Somehow, as baby boomers, we keep coming back to the Sixties. And 1968 to be specific. Like Ron Gompertz, who lives now in Seattle but grew up in Los Angeles. He has a new book out called “Life’s Big Zoo,” which he calls a coming-of-age story set in the heart of Los Angeles hippiedom. These are a few of his recollections. We all can relate.
Born in 1958, I was always a late boomer. I remember John Glenn because his orbit pre-empted the Captain Kangaroo show. I don’t remember the Kennedy assassination, at least not the first Kennedy assassination.
Bobby Kennedy was murdered in my hometown, shot down in the kitchen of the Los Angeles Ambassador Hotel after winning the California primary. Had RFK lived, the world would have been different. Nixon might have been a footnote to history.
For me, 1968 was the craziest year ever. Rigged elections, H-bombs, riots, rock and roll. Neighborhood boys going to Vietnam and Laurel Canyon overflowing with folk rock. The Doors were at their prime, though as a ten year-old I was more concerned that The Monkees TV show was cancelled. Governor Ronald Reagan was crop-dusting fields of student protests with tear gas.
If the news was terrifying, the music was exhilarating. I went to sleep listening to KHJ (“Boss Radio for Boss Angeles”) and Wolfman Jack on the transistor radio I stashed under my pillow.
When I was seven, my mother, a staunch advocate of personal responsibility, put me on a city bus and sent me across town to be the dumbest kid in a smart class. This bus became my yellow submarine, my magical mystery tour of the sixties.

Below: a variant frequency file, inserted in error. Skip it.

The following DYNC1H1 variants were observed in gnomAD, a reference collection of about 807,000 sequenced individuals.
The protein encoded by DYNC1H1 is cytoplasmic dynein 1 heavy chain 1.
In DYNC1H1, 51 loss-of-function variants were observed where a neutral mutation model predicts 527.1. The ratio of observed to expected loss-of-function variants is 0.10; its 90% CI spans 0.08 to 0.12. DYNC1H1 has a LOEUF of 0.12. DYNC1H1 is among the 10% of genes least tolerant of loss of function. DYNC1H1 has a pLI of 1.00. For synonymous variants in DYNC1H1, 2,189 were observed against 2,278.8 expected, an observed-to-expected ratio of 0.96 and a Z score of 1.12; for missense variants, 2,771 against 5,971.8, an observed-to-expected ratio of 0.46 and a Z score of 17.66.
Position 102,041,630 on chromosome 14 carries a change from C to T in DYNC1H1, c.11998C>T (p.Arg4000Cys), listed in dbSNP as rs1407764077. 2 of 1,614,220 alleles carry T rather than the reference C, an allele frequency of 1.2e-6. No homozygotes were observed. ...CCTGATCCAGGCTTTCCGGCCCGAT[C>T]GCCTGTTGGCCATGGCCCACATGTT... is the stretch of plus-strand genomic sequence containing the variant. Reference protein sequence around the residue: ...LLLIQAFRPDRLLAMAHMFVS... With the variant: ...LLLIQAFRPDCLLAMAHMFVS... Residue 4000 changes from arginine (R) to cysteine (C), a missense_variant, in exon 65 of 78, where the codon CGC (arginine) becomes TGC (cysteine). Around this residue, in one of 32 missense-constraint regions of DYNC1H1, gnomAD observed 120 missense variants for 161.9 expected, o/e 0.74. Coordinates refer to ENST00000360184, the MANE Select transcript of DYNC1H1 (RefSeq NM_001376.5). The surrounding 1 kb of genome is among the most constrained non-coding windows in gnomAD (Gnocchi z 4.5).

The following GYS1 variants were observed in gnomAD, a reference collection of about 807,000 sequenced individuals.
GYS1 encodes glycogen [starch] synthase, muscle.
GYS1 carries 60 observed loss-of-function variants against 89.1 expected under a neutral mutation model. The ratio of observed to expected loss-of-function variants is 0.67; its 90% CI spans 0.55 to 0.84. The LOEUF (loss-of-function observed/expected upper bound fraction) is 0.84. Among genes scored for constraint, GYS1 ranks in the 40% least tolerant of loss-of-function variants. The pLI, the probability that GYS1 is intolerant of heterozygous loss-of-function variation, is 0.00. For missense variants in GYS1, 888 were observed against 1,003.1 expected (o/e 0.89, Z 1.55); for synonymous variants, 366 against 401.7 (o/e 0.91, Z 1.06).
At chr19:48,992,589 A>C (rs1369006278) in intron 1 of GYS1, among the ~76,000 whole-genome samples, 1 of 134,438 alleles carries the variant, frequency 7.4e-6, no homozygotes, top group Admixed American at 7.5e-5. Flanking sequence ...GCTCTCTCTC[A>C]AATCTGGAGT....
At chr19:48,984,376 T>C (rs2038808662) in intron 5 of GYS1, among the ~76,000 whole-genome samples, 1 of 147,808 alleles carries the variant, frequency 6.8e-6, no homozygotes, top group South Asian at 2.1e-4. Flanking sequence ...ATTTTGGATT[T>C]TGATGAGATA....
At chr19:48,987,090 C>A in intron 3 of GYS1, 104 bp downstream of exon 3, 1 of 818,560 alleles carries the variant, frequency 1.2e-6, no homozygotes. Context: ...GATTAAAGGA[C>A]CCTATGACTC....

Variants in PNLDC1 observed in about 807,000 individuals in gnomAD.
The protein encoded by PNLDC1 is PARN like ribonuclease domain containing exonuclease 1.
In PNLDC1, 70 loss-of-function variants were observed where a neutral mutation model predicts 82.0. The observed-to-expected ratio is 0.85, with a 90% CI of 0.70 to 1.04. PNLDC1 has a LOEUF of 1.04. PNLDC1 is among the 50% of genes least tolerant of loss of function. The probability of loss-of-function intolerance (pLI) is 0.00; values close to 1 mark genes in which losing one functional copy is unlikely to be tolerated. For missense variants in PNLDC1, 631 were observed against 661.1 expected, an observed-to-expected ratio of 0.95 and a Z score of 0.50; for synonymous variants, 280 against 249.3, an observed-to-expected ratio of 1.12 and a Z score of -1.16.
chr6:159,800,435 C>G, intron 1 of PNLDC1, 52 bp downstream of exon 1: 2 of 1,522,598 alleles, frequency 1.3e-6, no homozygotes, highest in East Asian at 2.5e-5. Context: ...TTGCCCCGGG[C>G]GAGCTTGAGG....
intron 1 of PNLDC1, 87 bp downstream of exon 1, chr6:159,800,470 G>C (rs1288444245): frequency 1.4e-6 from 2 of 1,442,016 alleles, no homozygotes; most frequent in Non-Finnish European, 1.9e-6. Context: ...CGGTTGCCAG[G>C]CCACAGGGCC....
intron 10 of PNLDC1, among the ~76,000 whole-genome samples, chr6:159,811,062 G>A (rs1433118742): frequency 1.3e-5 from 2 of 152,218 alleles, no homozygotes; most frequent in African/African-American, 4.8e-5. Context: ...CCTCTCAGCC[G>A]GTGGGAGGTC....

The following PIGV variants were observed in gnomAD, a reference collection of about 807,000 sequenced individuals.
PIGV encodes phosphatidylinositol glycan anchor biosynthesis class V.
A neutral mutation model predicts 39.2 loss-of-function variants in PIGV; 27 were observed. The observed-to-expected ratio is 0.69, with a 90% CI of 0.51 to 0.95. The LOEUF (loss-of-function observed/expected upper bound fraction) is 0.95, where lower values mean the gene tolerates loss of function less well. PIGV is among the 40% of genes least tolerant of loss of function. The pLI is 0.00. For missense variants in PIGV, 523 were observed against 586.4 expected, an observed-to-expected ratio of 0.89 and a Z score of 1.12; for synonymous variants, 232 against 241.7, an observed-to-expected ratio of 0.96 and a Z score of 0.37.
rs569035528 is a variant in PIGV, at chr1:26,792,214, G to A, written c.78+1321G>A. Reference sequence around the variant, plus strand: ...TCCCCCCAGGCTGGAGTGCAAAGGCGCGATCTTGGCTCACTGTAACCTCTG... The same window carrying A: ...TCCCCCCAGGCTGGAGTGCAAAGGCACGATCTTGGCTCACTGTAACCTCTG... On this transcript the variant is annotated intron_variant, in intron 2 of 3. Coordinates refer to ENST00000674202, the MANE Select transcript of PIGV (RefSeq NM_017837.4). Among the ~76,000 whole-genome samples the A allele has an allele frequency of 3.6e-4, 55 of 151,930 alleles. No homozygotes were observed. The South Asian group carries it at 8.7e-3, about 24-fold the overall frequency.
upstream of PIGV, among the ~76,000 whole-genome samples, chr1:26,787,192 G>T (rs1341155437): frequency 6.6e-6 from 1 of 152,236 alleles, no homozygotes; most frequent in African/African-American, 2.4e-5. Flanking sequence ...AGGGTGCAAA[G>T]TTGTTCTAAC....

I eavesdropped on the passengers as ties widened, sideburns crept south, and hemlines migrated north. A gaggle of foul-mouthed Catholic school boys provided me with a lifetime of misinformation about sex, The Fugs, and rock and roll. One of them smacked me for saying Jesus was Jewish … so I didn’t mention that I was, too.
For a nerdy Jewish kid, the bright lights of the sixties were partially eclipsed by the long shadow of the Holocaust. I don’t remember not knowing about the Nazis that my father and grandparents escaped. Being Jewish, even in Los Angeles, meant feeling like a visitor in my own country.
Growing up, I worried that if the H-bomb didn’t get me, the Vietnam War would. Few of us expected to live past the age of thirty. My “stop making sense” moment occurred one day when I failed to duck and cover during a drop drill. My teacher, a law-and-order man with a NASA haircut, glared at me and said, “If this had been a real nuclear attack, you’d be dead right now.” When I pointed out that everyone would be dead, he called me a “little commie.”
I eventually channeled my outsider status and deep sense of irony into novels that wrestle with the big questions of the Sixties. Can one person make a difference? Is there a God? Does the arc of history really bend toward justice or are we all just Bozos on this bus?
Among the many wise things my German grandmother told me, one that rings true time and again is that God keeps a big zoo. In 1968 I joined the menagerie.